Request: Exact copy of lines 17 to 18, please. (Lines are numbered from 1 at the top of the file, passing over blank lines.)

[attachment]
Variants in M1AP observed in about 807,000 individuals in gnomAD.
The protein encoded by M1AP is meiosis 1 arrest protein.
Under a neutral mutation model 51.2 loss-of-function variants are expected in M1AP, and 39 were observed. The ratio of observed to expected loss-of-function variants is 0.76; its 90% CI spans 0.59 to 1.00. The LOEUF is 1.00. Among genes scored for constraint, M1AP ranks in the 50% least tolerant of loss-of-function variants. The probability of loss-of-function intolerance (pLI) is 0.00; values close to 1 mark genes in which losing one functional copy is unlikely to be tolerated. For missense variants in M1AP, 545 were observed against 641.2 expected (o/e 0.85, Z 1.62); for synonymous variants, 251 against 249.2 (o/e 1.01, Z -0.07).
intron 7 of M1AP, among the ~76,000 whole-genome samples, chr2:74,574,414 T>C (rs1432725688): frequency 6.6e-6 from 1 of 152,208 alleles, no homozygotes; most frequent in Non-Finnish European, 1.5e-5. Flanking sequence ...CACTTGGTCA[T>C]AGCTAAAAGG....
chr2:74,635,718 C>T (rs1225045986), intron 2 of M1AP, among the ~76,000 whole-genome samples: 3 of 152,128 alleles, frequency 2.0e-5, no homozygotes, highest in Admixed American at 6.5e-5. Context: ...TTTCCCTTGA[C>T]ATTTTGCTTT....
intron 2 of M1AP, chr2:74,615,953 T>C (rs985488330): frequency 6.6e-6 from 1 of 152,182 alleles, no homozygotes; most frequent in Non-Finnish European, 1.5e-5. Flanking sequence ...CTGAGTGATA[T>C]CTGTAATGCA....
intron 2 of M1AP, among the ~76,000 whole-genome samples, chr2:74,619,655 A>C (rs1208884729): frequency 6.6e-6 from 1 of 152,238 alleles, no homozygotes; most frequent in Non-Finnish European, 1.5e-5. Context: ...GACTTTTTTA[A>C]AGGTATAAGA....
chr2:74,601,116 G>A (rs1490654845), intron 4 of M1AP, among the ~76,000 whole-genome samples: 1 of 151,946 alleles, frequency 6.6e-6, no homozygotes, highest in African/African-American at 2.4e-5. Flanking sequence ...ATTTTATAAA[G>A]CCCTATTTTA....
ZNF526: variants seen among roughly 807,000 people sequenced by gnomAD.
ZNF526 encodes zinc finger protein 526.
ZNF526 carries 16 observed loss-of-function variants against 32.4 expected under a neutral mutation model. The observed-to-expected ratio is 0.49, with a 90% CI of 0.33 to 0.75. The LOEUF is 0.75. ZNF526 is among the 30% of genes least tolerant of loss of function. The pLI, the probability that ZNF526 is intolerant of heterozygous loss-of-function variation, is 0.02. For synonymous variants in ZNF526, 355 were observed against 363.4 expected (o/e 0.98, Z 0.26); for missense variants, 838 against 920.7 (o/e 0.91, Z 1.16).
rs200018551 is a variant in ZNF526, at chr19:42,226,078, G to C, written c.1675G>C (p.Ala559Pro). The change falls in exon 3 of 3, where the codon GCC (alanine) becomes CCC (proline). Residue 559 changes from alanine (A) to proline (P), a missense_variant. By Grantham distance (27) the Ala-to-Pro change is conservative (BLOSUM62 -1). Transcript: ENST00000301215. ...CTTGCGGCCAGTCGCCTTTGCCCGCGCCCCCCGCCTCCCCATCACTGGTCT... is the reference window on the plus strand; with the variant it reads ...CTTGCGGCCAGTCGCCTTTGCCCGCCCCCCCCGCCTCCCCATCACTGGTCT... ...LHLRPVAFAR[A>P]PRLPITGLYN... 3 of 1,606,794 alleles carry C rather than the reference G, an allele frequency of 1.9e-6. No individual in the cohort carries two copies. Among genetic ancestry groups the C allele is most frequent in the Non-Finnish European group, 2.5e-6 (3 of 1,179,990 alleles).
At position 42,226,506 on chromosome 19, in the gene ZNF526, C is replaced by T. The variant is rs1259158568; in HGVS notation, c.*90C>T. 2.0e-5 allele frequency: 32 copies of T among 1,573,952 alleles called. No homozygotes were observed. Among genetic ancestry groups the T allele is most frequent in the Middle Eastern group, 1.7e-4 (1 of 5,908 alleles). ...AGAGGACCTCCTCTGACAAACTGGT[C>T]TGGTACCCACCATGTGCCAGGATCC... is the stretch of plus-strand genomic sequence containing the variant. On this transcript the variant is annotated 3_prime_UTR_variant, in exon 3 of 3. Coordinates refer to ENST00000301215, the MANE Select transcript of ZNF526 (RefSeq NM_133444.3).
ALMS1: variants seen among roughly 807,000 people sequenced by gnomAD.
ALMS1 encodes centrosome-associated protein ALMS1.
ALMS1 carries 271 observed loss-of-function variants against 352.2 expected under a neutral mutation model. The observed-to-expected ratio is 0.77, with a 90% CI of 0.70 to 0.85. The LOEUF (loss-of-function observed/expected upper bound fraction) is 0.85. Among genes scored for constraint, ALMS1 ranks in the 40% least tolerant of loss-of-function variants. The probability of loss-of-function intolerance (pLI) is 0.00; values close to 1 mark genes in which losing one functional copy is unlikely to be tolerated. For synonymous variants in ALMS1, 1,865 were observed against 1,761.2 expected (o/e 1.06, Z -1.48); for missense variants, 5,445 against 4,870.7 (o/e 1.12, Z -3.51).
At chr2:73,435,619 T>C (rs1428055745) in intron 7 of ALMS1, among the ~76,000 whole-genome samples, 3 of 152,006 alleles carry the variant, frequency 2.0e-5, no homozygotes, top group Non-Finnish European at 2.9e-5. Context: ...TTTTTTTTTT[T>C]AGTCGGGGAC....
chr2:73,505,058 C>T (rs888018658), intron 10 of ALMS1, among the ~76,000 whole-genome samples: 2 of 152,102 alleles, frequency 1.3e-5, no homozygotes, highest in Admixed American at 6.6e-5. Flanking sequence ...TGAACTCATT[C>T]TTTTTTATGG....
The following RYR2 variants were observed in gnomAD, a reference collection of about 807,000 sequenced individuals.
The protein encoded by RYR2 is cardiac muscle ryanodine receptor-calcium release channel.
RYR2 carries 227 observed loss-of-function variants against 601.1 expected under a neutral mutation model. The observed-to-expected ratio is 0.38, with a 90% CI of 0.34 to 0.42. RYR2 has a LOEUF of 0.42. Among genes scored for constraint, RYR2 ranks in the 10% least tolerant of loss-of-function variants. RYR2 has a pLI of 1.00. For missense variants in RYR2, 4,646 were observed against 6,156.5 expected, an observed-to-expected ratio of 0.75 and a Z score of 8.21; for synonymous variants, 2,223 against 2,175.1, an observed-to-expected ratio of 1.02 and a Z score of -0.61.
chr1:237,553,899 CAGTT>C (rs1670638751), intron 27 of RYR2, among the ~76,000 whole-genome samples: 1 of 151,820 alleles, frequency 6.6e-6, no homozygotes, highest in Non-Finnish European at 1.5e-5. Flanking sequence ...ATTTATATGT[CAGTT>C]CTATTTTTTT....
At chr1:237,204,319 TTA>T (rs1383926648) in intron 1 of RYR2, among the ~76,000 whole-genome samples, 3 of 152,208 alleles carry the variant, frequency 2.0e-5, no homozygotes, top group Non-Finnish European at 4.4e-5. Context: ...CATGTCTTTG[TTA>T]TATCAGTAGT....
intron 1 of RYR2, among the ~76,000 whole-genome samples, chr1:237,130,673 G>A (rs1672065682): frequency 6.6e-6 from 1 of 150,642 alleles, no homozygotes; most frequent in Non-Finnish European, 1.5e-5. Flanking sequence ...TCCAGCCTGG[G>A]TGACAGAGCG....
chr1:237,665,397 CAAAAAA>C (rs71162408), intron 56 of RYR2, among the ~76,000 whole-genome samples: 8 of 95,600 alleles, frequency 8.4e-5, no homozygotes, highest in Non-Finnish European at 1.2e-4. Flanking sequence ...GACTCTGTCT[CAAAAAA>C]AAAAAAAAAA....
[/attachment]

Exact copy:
At chr2:73,435,619 T>C (rs1428055745) in intron 7 of ALMS1, among the ~76,000 whole-genome samples, 3 of 152,006 alleles carry the variant, frequency 2.0e-5, no homozygotes, top group Non-Finnish European at 2.9e-5. Context: ...TTTTTTTTTT[T>C]AGTCGGGGAC....
chr2:73,505,058 C>T (rs888018658), intron 10 of ALMS1, among the ~76,000 whole-genome samples: 2 of 152,102 alleles, frequency 1.3e-5, no homozygotes, highest in Admixed American at 6.6e-5. Flanking sequence ...TGAACTCATT[C>T]TTTTTTATGG....